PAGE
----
Thursday, March 07, 2013
My Life in the Theater: POSTCARDS
This was one terrific play. Written by William Costanza, it premiered here in Detroit at the Detroit Repertory Theater but I hope it comes to your neck of the woods.
Alvin Moseby is a photographer. He lived in the south during the 1930s, in Shiloh, Tennessee to be exact. When times are tough we often do things for money we wish we hadn't. He was paid by Deputy Sheriff Reggie Kilmore to take photographs of racist deeds which were made into postcards.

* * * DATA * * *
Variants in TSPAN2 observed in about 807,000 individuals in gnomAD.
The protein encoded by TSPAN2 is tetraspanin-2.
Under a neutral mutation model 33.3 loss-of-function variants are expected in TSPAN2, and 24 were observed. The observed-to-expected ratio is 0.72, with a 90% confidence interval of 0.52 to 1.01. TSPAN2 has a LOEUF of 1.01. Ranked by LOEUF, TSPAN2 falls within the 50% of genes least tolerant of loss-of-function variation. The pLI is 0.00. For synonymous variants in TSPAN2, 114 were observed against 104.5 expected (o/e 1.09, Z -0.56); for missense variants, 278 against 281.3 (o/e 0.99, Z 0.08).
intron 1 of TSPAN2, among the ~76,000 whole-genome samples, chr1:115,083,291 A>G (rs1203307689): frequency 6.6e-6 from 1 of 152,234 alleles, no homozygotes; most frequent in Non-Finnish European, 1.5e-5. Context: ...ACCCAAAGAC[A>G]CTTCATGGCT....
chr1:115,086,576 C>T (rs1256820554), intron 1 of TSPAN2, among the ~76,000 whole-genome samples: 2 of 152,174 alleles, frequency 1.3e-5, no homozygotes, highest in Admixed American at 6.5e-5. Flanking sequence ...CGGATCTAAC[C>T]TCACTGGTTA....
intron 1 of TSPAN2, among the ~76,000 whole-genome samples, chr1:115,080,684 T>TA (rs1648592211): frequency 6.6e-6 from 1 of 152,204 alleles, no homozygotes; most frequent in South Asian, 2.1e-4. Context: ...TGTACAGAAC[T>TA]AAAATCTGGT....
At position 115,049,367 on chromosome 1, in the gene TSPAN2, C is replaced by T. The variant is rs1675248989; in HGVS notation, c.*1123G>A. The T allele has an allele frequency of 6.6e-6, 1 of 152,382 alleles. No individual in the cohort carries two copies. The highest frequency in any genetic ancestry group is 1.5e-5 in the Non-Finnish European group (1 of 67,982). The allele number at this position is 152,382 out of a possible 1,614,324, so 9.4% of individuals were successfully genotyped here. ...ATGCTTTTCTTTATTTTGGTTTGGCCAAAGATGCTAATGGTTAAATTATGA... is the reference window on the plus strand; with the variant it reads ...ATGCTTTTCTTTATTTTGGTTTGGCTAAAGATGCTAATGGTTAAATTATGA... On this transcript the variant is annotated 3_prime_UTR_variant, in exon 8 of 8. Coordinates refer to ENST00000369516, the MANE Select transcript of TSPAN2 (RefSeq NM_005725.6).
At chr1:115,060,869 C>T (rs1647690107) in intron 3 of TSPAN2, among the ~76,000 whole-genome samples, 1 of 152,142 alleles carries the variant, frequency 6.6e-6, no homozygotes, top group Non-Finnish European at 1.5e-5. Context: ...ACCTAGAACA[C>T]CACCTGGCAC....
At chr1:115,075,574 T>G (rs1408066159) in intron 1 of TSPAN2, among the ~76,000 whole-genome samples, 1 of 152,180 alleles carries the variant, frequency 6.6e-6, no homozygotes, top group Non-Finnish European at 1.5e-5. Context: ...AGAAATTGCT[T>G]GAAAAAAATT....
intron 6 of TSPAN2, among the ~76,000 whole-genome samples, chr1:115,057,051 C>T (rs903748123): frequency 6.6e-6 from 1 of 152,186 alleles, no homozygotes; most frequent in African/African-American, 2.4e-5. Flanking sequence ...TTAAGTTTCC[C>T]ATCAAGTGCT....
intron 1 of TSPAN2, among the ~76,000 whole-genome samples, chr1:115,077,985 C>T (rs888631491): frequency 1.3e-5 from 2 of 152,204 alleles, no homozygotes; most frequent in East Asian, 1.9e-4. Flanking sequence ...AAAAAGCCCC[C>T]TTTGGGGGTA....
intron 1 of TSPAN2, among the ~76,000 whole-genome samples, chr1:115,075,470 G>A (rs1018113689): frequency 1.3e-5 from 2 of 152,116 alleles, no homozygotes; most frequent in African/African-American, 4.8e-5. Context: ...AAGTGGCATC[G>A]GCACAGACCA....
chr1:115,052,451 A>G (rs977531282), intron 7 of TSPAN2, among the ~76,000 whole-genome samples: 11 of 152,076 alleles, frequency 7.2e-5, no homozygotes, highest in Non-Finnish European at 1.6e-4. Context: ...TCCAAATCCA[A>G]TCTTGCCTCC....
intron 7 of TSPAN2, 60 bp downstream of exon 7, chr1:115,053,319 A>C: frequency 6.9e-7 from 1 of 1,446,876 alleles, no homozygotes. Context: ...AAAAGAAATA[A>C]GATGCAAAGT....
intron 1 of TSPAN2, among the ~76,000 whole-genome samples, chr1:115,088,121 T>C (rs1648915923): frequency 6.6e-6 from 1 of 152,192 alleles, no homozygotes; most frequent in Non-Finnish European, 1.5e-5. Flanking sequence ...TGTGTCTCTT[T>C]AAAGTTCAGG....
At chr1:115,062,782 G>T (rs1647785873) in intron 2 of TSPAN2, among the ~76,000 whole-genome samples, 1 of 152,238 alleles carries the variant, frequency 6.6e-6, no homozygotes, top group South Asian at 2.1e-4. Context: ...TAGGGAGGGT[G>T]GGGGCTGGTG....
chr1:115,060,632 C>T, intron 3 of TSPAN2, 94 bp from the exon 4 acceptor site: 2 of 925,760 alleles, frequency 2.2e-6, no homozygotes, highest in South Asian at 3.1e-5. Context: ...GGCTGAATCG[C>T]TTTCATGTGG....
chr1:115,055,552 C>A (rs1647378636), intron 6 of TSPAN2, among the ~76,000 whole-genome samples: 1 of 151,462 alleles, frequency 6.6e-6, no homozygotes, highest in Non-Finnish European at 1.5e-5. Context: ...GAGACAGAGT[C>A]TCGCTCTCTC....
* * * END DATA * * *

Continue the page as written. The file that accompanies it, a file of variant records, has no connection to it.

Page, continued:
Later Alvin leaves his wife, flees Shiloh and moves to New York city. There he finds his artistic calling taking pictures of legendary jazz musicians in sessions. He finds Hattie McLendon who becomes the love of his life. But, the infamous box of postcards follows his every step and haunts his every move. The photographs relentlessly attack his soul.
This is the third play in the last month we have seen about racism. One at the turn of the last century, one in the 1950, and the third across the 1970s and today. The face of racism changes but it never disappears. Sad.